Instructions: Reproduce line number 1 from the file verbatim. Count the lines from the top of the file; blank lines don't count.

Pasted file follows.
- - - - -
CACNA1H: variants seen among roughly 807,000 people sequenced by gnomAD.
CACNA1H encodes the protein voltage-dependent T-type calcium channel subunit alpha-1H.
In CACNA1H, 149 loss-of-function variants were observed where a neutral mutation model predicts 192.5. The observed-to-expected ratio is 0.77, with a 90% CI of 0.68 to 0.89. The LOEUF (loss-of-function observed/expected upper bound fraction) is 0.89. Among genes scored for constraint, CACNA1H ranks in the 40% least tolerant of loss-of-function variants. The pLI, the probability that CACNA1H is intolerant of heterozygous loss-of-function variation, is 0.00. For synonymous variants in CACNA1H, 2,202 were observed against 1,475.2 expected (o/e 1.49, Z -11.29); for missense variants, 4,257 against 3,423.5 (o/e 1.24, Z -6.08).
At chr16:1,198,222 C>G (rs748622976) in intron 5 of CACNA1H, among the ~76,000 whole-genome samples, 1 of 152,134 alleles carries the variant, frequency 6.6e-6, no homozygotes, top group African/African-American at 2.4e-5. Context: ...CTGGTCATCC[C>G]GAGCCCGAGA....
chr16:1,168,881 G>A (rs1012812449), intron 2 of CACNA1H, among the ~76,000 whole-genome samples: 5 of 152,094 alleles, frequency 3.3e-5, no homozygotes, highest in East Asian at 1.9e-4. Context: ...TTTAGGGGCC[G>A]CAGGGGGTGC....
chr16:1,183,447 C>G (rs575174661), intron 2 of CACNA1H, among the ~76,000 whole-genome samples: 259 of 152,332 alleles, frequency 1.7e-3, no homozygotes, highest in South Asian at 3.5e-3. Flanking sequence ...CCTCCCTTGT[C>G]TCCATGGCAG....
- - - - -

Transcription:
CACNA1H: variants seen among roughly 807,000 people sequenced by gnomAD.